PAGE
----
Top ten finalists included lieutenant colonels from the USAF Air Combat Command, a commander with the National Park Service, a captain with the U.S. Department of Health and Human Services, and engineers with the Tennessee Valley Authority, U.S. Nuclear Regulatory Commission and the Bureau of Reclamation.
The top ten finalists and main awardee were selected by a panel of judges established by the Professional Engineers in Government based on a point system using the following criteria: education, registered P.E., continuing education, professional/technical society activities, NSPE involvement, awards or honors, civic and humanitarian activities and engineering achievements.
The making of a Federal Engineer of the Year Award nominee
Foutz’s first thought when she found out about her nomination from the Corps Headquarters was, “why me?”
“I’m aware of others I consider more deserving of recognition of their accomplishments,” said Foutz. “But, nonetheless, it gave me a very good feeling to know that the hard work I put in is recognized at higher levels.”
Foutz began her 25 years of federal service — all with the Baltimore District — after earning a Bachelor of Science in Mechanical Engineering from the University of Maryland.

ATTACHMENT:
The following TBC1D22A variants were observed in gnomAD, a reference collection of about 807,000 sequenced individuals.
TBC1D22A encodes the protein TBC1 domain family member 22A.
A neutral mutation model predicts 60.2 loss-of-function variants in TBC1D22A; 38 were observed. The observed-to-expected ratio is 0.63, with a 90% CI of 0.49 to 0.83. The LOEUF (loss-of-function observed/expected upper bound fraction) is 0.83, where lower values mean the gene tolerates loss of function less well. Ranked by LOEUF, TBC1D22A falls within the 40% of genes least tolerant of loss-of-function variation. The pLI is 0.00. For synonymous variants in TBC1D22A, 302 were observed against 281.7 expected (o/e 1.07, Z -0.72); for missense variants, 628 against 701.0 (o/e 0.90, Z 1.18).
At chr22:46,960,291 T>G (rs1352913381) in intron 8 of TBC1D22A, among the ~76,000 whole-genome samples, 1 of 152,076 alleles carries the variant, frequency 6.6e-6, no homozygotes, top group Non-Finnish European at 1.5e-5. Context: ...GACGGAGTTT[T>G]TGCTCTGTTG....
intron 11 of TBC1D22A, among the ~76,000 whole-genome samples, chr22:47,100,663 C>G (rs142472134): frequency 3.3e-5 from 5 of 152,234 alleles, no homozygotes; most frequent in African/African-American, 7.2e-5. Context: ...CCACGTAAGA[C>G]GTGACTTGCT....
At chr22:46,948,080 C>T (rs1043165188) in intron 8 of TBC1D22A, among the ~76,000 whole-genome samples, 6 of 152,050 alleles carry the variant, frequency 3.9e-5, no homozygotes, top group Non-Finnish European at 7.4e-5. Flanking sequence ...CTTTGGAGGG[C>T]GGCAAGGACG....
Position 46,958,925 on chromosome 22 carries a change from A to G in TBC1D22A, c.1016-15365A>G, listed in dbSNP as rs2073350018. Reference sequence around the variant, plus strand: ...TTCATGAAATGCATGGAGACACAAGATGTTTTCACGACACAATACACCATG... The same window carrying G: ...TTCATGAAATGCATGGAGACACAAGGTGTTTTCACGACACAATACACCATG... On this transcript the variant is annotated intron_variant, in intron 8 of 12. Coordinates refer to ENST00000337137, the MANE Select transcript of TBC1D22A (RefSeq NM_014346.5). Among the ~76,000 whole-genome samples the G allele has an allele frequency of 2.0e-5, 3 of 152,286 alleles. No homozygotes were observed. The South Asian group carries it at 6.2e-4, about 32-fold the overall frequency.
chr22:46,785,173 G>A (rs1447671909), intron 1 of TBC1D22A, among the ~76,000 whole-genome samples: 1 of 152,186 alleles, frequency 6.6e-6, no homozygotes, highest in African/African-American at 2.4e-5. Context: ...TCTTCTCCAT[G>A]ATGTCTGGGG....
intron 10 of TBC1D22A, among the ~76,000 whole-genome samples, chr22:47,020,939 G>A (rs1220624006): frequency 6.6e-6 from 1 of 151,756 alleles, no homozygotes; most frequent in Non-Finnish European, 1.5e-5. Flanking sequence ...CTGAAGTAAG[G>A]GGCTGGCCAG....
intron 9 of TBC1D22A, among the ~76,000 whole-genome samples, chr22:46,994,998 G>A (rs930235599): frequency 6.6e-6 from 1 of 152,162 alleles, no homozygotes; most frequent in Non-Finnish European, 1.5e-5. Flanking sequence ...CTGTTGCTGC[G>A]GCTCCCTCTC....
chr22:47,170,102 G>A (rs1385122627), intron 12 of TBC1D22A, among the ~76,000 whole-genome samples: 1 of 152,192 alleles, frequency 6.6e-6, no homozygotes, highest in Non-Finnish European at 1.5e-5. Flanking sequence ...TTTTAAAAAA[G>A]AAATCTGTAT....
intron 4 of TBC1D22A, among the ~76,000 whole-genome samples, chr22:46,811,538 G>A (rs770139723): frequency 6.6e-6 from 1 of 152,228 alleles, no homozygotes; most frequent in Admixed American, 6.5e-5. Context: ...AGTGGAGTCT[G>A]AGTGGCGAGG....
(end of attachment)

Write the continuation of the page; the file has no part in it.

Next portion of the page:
She’s gained professional development hours, as well as continuing education units through attendance at American Society of Heating, Refrigeration and Air-Conditioning Engineers (ASHRAE) conferences over the last several years; completion of a conflict resolution workshop by the Federal Mediation and Conciliation Service; and completion of Optimization in Water Pumping Systems course and Fundamentals of Building Commissioning course by the Association of Energy Engineers.
“Mary is extremely active in professional organizations as well as within the Department of Defense,” said Maj. “She is a recognized subject matter expert and provides thoughtful, well-researched positions on Corps engineering and construction policy.”
She holds professional membership in ASHRAE, Society of American Military Engineers (SAME) and is an Association of Energy Engineers Certified Commissioning Professional. She is even credited as a reviewer of several chapters within ASHRAE’s “Laboratory Design Guide,” second edition.
“To be successful and to have an impact on our mission in what can be a highly-complex engineering field, one needs to be acquainted with diverse organizations and individuals,” said Foutz. “It is important to stay abreast of emerging technologies and industry trends; seek different perspectives and new solutions to problems; and interface directly at every opportunity with industry leaders in tangential professions.”
Foutz has served on several committees, including acting as the former chair of the SAME Student Mentoring Committee and serving a key role within the Corps working group responsible for updating Engineer Regulation 1110-345-723 Total Building Commissioning. She is also a member of ASHRAE’s Technical Committee for Laboratory Systems, and a member of several Tri-Service working groups.